Cener remains coy about the costs incurred by clients. Investment in the facility was EUR15 million and the centre has a stated aim of being as close to self-financing as possible to ease its burden on taxpayers.

As in most research-and-development (R&D) centres, that is achieved through technology transfer and leasing of facilities. So, as with the nacelle test centre, the experimental plant will receive income from leasing and services, although Cener declines to disclose rates. Last year the entire centre - including its wind, solar, biofuel and biomass activities - generated EUR10.4 million, enough to cover 84% of its expenditure for 2009.

Growing demand

Ayesa believes there will be plenty of ongoing demand for Lea and its new test plant. "In 2000, when Cener initiated conversations with NREL, it seemed nobody in Europe was interested in creating a turbine test facility," he says. "Nobody believed there would be enough demand to justify the costs; but look at us now, working at full pelt with order books full well into the future," he adds, referring to the drive train and blade test centre at the bottom of the hill.

"Two years ago, NREL was the only public turbine test facility to include full drive train testing," adds Ayesa, pointing out that it was rare for turbine manufacturers to test whole machines. But now Clemson University is building a 15MW drive train test facility to complement a new blade test facility in Massachusetts. Similarly, the UK is planning a super-size blade and drive train test facility.

"It simply makes economic sense to invest in testing," says Armendariz, back at Cener's headquarters in Pamplona. In Spain, the government has proposed doubling the 19GW of wind power already online over the next ten years.

"Wind has already reached considerable penetration levels," says Armendariz. In 2009, it covered 14.3% of annual demand, reaching momentary peaks of over 50%. "Further development is going to require a high degree of attention to detail to ensure optimum technological performance for the good of the electricity system, the wind power producer and the electricity consumer."

"Previously, the possibility of demanding thorough turbine testing simply didn't exist," continues Armendariz. "Banks were hard pressed to get guarantees on the reliability of the technology they were financing. But now we can offer those guarantees." Wind power is continually pushing to improve efficiency, cost cutting and grid integration. "That all requires new designs, which imply risks of the unknown," adds Ayesa. "The only way to reduce risk to the absolute minimum is by using a test facility."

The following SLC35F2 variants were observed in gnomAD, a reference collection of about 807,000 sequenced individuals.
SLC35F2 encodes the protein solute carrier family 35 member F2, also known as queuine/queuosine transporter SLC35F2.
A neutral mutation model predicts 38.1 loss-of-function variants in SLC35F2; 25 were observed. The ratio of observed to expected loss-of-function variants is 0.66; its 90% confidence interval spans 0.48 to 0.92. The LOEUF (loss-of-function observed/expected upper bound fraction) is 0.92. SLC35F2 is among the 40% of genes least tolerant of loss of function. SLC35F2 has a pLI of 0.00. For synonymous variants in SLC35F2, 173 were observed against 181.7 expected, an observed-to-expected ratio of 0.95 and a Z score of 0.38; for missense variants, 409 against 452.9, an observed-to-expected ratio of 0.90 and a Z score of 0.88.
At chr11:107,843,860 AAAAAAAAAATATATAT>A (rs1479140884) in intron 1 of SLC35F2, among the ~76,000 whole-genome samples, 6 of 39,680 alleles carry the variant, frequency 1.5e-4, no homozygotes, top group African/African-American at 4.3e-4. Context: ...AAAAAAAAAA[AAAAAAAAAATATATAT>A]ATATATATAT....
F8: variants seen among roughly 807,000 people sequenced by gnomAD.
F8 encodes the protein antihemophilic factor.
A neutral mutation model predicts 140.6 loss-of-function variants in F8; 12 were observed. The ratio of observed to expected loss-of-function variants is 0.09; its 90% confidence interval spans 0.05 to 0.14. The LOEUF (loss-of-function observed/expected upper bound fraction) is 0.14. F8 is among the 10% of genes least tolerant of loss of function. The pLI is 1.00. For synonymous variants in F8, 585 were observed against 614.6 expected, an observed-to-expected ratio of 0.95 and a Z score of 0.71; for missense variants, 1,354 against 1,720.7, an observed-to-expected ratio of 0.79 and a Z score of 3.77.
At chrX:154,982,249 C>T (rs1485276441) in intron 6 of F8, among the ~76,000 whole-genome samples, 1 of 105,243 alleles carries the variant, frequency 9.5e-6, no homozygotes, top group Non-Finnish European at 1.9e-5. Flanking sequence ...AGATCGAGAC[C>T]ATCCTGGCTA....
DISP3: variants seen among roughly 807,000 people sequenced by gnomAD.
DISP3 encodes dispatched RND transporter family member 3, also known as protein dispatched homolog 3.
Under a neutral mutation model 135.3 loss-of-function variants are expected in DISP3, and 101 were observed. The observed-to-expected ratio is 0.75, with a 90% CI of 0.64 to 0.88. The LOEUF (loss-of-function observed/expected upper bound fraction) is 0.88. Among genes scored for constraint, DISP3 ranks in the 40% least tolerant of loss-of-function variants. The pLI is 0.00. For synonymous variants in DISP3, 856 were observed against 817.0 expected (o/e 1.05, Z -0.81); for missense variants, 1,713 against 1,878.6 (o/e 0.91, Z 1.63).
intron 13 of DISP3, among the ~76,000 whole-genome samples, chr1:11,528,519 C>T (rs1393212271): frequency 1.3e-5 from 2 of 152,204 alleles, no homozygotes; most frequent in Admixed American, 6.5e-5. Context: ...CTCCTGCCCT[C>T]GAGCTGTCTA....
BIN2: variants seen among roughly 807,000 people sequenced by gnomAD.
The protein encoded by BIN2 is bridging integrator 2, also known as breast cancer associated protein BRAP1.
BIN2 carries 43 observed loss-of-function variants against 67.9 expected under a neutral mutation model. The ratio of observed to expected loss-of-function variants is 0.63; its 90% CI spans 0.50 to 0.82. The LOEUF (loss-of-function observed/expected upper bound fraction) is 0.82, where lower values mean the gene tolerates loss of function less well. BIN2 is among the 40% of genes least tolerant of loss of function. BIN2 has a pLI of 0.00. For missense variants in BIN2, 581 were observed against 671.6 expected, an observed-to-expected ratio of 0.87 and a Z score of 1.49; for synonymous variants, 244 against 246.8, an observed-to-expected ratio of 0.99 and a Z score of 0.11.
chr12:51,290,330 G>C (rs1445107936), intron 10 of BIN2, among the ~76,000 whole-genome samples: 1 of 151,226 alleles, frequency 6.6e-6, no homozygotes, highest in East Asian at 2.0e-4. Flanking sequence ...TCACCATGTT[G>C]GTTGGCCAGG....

"The bashing we give the drive train over six months is equivalent to what it will receive in the field over a 20-year lifespan," shouts Urzelai above the noise. As the turbines' essential equipment can be tested exhaustively, design faults can be identified and corrected before making the first series of turbines, which are, effectively, prototypes, Urzelai says. At Lea's main building, blades and generators all take a similar beating.

Up at the experimental plant, real-life performance is monitored, further reducing time-to-market of new designs, according to Armendariz. Apart from the R&D aspect, the site also acts as a showcase for demonstrating new technology to prospective clients, he adds.


As anybody visiting Lea will discover, security is tight. Once in the heart of the building, doors will only open for exit if visitors are accompanied by a Cener official. A trip to the fully automated lavatory involves being accompanied to the appropriate part of the building. Cener staff in Pamplona - often working on designs for turbine systems and components for industrial clients - are not allowed in the Lea building, apart from a few officials, including Ayesa and Armendariz.

Confidentiality is so strict that none of Cener's staff can say which clients have used the facility or what machines have been tested. They are not allowed even to confirm whether machines have included direct-drive, offshore or onshore. The only officially announced client is Gamesa. Gamesa's press office, which has not yet publicly announced work on a 5MW machine, says: "Lea plays an important role in Gamesa research and development and, in particular, in the design and development of our new high-power turbine in the 5MW range."

The only other insight offered by Armendariz is that four different drive trains have been tested since the end of 2008.

Despite the prospect of wind turbine designs going into double-digit megawatt figures - such as Sweden's 10MW Sway machine - Armendariz is not unduly worried about Lea's restriction to 6MW. The global onshore and offshore market still has to go through consolidation of the 3-6MW turbine range, he believes.

"Large-scale development using 10MW machines is still on the distant horizon," he says. In other words, Lea's work has only just begun.